It’s cosmic: Photography that is out of this World

With a camera attached to the telescope lens it became possible to photograph
parts of the universe that were previously invisible to us. Photographic
plates were more sensitive to light than our eyes and long exposures
absorbed faint light from the night sky.

David Malin is a scientist and astronomical photographer. He was born in
Britain, but moved to Australia more than 30 years ago to work at the Anglo-
Australian telescope, near Coonabarabran in New South Wales. In most of
Europe ? where the population is high ? there is too much light pollution
for astronomy. It is best under the dark empty skies of central Australia,
Chile or South Africa.

Over the course of his career, Malin has found two new galaxies: Malin Carter
and Malin 1, which may be much larger than the Milky Way.

“Photography has been crucial to the advancement of astronomy, it
transformed it completely. We were able to see bigger and more interesting
things than previously imaginable. Now digital technology reveals an even
more mysterious universe that is just as interesting and beautiful,”
says Malin.

A selection of Malin’s work has been put together in a new book titled Ancient
Light: a Portrait of the Universe. These photographs were captured using
old-fashioned glass plates coated with a super-sensitive chemical emulsion.
The photographs were taken in the name of science, but have been selected
for their aesthetic appeal.

“The Horsehead nebula, dust and gas adrift in Orion” is an image of
a cosmic dust cloud in the shape of a horse’s head. The clouds glow and an
extra bright star dominates the scene. Malin points out that a dark patch at
the base of the cloud is where new stars form. In scientific terms, it’s a
mass of plasma, hydrogen and dust. Visually, it’s sublime.

From wide-angle scenes, Malin crops his images to focus on particularly
beautiful phenomena. The Witch Head nebula is another glowing dust cloud,
800 light years away from Earth. The cloud appears more like smoke than dust
and were they in colour, the clouds would be blue.

“In astronomical photography, you can’t chose the lighting or rearrange
the subject matter. Our expression with the images is about cropping and
representation and tonality. It’s finding a way to present the images in
their best light,” says Malin.

During long exposures, the stars leave a trail as the Earth rotates. To keep
images sharp, the lens must follow the star with precision as it moves
across the sky. With digital technology this is achieved automatically: in
the old days it required an astronomer to sit for hours looking through an
eyepiece and manually keeping the star in focus. Malin’s black and white
photographs are a homage to this method, as they were taken before the days
of digital technology.

There are dust clouds with the texture of fox fur and a spiral galaxy with a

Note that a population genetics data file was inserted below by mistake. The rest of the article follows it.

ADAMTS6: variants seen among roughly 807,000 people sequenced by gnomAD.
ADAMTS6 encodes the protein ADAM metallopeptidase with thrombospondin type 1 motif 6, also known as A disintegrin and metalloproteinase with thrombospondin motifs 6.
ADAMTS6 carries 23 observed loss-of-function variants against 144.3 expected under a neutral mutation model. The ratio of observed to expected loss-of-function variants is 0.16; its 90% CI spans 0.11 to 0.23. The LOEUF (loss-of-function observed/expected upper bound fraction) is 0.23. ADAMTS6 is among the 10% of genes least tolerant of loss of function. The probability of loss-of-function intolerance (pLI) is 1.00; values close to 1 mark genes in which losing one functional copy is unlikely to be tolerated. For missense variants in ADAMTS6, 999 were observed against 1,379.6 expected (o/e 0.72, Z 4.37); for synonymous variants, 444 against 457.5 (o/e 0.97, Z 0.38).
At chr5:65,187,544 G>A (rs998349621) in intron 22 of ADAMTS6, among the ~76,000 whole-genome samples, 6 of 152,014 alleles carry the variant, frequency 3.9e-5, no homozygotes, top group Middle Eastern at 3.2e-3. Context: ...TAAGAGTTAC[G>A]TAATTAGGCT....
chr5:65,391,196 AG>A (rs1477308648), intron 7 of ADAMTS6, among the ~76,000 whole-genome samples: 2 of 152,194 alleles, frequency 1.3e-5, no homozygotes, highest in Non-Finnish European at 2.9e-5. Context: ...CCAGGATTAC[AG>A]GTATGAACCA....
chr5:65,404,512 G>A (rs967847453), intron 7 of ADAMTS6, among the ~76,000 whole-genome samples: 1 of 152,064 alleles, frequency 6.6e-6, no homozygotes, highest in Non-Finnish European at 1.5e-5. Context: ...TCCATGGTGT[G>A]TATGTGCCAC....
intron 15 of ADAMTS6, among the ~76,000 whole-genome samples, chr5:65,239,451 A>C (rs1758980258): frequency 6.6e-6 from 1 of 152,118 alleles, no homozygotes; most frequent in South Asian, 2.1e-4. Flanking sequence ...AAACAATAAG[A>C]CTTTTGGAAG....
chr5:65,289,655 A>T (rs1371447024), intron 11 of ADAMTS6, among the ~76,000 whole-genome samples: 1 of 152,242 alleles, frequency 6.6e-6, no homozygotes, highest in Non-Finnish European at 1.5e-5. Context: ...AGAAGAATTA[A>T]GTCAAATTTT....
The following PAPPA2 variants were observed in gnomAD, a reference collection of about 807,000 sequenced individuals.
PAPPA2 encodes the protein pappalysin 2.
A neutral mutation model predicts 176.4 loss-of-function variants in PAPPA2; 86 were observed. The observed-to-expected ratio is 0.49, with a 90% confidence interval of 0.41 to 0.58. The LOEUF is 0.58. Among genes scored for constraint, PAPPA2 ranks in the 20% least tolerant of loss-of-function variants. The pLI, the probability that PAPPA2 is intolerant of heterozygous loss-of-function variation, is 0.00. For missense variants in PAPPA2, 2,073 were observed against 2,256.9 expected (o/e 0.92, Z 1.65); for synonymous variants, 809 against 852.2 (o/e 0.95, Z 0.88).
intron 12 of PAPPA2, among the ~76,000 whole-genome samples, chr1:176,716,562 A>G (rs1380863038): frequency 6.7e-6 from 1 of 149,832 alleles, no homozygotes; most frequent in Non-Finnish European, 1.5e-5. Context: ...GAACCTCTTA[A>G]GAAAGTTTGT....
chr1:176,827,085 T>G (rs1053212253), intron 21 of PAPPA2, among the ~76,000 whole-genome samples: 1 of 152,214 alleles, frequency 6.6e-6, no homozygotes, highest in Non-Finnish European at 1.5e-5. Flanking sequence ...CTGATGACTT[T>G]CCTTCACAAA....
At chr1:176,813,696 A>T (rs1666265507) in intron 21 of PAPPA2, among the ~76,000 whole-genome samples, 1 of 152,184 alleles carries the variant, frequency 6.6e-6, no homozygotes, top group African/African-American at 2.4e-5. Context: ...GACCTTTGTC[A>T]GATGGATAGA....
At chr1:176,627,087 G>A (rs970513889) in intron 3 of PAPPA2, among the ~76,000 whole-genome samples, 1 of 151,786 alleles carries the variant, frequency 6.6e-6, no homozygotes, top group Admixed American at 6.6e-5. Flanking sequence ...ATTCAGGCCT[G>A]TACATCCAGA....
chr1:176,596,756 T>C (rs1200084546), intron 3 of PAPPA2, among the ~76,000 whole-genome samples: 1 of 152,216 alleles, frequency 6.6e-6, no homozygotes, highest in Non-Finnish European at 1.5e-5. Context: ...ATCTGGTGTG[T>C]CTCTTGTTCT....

striking symmetry of design: two arms curve gracefully across a central
bridge. No one knows yet how or why this symmetry was achieved.

The Omega Centauri is a cluster of millions of ancient stars 18,000 light
years away. The cluster is so dense that the stars appear almost as a single
mass of burning white light. It was first discovered by Edmond Halley in
1677 and, it is, says Malin, one of the finest globular clusters in the
southern Milky Way.

A photograph of the Andromeda galaxy appears as a shining orb surrounded by
dust. The galaxy was found by the Persian astronomer Al Sufi in AD964 ? and
it is the galaxy most similar to our own Milky Way.

Many of the names of stars, galaxies and constellations can be traced back to
mythology and the dawn of Western civilization. The Greeks believed that the
constellation of Andromeda represented the female form. Andromeda’s mother,
Cassiopeia, is a constellation of stars that loop like a “w”
across the sky ? they follow the shape of a reclining woman. Sagittarius
(the Archer), Ophiuchus (the Serpent Holder) and Scorpius (the Scorpion) are
three of 48 constellations listed in Ptolemy’s Almagest ? from around AD140.

“Since human beings evolved we have been looking at the sky. When the
telescope was invented, vision was expanded to see more of the universe and
it changed our perspective of our place in it. In 1,000 years’ time someone
will come along with new technology and they will look at the same universe
in a completely different light,” says Malin.

The scale of the universe ? where 500 million years is considered to be recent
history and galaxies are 45 million light years away ? leaves little doubt
as to our own insignificance. And studying the stars every night has
informed Malin’s view of his life here on earth. He says: “It does
change your personal perception of where you sit in the big scheme of things.”

‘Ancient Light: a Portrait of the Universe’ by David Malin is published by
Phaidon (£29.95)

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